Do you know that there is a wealth of wildlife a few
metres from your back door? No matter where you live, be it city, town
or country, there are animals, birds and insects living in your
vicinity and flora abound. If you like to get out and about, there are
even greater opportunities within a short journey.
The equipment you will need starts with a camera. Any
camera. The one you have will be fine to start with, whatever it is.
You may want to get more suitable gear once you progress a bit, but in
the meantime why not have a try with what you've got. You may also like
to take along a black bin liner to kneel on or use as an out of focus
background to isolate wild flowers.
How you find your subjects, and more importantly, how
you photograph them, is down to your own circumstances and ingenuity.
There are a few things you can do, however, in order to increase your
The first, and most important of these, is to open your eyes and look!
That may seem obvious, but it is the best advice you will get. Start by
looking for subjects that you may not normally notice. Try looking at
your immediate locality with a outlook. The things that you take for
granted because you are so used to them are the first source, if only
you can stop and look at them with a different point of view!
90% of all my photographs are taken within 5 miles of
home, and some are literally taken in the back yard! The first place to
look is just outside the door. The webs of spiders make wonderful
subjects early in the morning with the dew still on them. Birds are
everywhere and can even be shot through the window if you are a little
careful about reflections. Turn over stones in the garden for all sorts
of bugs and crawling insects. Watch flower beds and blossom carrying
trees for flying ones which may only stop for a moment, but if you are
there ready when they do, you have a better chance of getting your shot.
Local public parks and gardens are another source of targets, so there
is no excuse if you live in an apartment. Every town and village has an
old cemetery that is quiet and normally has a number of mature trees
that support all sorts of wildlife, but please respect the surroundings
that you are in and leave them as you find them.
There are also literally hundreds of small local nature reserves around
the country, most with a small car park and planned short walks
signposted. Many of them are free to enter, so that's no excuse either.
Local rivers and streams have an abundance of photographic
opportunities along their banks and if you go and sit quietly in these
places for a few minutes, you will be surprised what you see.
Try getting to them during quiet periods rather than on a sunny Sunday
afternoon when everyone else is out and about doing their own thing.
Very early morning light has a quality that cannot be described or
matched and anything you see will be slower to react before the
temperature rises. Evenings also are a good time, as many, more
nocturnal mammals will be starting out on their day and others will be
looking for somewhere to spend the night.
If all else fails, the are many wildlife parks and Zoos dotted around
the country that can produce great shots if you are careful how you
frame them. Try to avoid enclosures with small mesh or galvanised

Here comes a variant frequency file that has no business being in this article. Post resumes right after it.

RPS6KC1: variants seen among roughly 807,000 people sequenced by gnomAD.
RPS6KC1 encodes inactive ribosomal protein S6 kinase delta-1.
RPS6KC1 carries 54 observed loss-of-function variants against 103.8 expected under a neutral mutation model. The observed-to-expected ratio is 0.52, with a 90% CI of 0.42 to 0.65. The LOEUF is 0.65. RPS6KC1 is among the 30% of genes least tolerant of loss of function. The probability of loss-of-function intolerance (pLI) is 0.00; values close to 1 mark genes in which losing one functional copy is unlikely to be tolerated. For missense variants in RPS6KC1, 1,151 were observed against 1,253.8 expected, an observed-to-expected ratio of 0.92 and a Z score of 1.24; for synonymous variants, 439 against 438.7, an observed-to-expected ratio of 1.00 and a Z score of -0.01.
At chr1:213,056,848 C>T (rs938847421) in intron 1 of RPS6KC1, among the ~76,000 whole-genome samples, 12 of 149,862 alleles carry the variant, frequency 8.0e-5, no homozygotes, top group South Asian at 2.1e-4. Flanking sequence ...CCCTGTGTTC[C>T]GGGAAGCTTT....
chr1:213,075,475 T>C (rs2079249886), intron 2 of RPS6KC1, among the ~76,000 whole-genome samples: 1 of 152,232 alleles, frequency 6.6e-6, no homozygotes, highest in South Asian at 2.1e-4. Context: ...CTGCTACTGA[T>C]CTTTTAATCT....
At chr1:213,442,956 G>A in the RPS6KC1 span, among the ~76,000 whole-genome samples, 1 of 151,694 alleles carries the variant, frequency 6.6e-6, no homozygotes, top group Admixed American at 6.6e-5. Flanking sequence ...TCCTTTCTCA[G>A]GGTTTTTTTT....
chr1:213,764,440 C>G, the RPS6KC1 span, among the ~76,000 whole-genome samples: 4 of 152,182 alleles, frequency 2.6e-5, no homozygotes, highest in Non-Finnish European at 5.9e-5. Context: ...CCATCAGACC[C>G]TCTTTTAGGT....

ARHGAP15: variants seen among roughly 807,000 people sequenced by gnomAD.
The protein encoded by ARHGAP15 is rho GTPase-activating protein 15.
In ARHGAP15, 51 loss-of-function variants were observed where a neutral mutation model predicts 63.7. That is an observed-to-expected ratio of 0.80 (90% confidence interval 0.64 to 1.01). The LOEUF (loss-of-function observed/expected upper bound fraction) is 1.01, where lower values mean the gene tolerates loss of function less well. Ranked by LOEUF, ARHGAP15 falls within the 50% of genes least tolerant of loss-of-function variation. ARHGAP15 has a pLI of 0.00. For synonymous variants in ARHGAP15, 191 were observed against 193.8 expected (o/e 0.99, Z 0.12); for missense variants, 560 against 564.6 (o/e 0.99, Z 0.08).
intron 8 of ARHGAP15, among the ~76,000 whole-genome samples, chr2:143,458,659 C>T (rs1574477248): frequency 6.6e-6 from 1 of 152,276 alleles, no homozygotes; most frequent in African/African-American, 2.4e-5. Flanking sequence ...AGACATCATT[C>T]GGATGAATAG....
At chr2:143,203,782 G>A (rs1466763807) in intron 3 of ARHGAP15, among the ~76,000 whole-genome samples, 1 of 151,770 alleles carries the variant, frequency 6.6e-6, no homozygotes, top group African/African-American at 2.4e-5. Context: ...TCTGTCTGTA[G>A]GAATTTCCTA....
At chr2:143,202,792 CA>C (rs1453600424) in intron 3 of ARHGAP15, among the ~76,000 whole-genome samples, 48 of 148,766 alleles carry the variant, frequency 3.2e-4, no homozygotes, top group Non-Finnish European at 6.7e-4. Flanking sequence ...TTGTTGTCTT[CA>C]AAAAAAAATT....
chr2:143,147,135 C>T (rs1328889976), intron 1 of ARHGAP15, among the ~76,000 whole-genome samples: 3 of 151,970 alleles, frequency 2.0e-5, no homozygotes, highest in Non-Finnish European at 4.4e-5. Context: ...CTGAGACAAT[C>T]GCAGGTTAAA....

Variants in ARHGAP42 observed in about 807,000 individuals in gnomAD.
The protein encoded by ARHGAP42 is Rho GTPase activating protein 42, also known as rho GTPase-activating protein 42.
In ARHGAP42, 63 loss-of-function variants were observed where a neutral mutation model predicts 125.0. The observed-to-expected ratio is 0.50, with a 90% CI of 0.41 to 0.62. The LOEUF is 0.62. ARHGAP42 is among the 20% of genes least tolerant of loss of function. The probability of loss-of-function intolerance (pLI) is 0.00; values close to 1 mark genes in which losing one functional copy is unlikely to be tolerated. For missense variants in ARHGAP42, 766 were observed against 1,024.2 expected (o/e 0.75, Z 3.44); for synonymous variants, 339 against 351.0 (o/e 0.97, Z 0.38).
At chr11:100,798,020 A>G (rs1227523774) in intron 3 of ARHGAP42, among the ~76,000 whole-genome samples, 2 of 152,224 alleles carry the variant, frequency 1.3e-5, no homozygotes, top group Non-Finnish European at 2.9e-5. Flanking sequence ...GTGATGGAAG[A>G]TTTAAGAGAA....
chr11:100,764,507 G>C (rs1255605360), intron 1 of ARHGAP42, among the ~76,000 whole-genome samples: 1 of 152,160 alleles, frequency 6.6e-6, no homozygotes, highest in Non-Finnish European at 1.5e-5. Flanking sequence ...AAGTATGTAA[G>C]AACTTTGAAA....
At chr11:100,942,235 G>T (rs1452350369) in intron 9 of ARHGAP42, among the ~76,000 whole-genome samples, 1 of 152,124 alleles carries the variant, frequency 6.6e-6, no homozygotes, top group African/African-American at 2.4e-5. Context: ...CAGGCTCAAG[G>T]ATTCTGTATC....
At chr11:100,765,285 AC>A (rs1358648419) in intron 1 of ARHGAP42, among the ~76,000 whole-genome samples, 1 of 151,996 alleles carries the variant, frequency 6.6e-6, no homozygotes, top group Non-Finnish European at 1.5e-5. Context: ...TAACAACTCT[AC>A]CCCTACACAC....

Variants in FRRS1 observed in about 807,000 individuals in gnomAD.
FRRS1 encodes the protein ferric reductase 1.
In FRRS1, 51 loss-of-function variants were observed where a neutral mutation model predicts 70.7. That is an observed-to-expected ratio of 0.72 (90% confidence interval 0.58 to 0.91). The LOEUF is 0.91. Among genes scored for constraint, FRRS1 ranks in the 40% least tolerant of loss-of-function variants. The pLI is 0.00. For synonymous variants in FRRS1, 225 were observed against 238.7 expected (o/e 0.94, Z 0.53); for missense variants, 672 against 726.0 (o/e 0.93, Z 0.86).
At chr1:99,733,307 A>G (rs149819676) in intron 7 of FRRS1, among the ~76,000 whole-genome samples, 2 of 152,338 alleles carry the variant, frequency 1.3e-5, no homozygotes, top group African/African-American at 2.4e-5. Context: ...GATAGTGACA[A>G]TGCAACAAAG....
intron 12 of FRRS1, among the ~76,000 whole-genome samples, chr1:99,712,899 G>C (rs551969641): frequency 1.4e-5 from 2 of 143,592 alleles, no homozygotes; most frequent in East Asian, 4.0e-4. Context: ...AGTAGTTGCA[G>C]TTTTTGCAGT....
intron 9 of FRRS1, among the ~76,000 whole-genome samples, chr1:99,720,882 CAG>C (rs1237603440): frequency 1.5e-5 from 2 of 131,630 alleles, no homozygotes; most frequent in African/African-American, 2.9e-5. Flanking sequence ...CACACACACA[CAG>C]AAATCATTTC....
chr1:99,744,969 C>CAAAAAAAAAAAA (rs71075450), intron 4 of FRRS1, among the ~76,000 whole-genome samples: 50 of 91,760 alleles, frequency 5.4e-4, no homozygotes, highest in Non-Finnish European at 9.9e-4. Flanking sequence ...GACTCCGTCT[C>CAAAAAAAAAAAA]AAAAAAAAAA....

netting with the sun on it, as it is almost impossible to hide. Try to
have a lens hood that can be put against the glass of enclosures to
avoid reflections and use a wide aperture to throw backgrounds out of
focus. Look for angles that have more natural backdrops. Some, but not
all of this type of establishment have thought about photographers, and
will have an area or corner of the pen/cage that will look acceptable
if it is out of focus.
Once you have given it a try, you may well find that you
have a liking or a knack for being a bit more specialised. You won't
know this until you have had a go, but when you do you might find you
enjoy photographing butterflies more than birds, or plants more than
mammals. Most modern cameras have the capability to cover all of these
in their simple form. Close up facilities and zoom lenses are the norm
on all but the most basic cameras in this day and age and although they
may not be super zooms or true macro lenses, they give you enough of a
spectrum to allow you to find out what you enjoy.
You don't have to fill the frame with the subject to
produce a pleasing picture. Although you don't want an unrecognisable
speck in the middle of the frame, the inclusion of habitat is a very
acceptable way of producing fine wildlife shots. Look for ways of
composing your shot to frame or separate the subject within the picture
in order to overcome any shortfalls in the equipment you may have.
Learn a little about depth of field
in order to help separate your subject from the background or to
include other elements into the frame.
Now what's stopping you going out and have a try at it, keep your eyes
open and always have the camera handy! And good luck.
A butterfly taken with the equivalent of a standard lens (55mm on 35mm
Canada Geese taking off with habitat in the background.
Minolta Z1 at mid zoom
could have been taken with any camera.
A picture showing more habitat than subject. Medium
zoom, early morning.
A plant picture using natural light. Taken with a medium
Man Orchid taken with a 1:2 macro facility
Hazel Dormouse taken through glass in a wildlife park.
Water Shrew, again through glass in a wildlife park.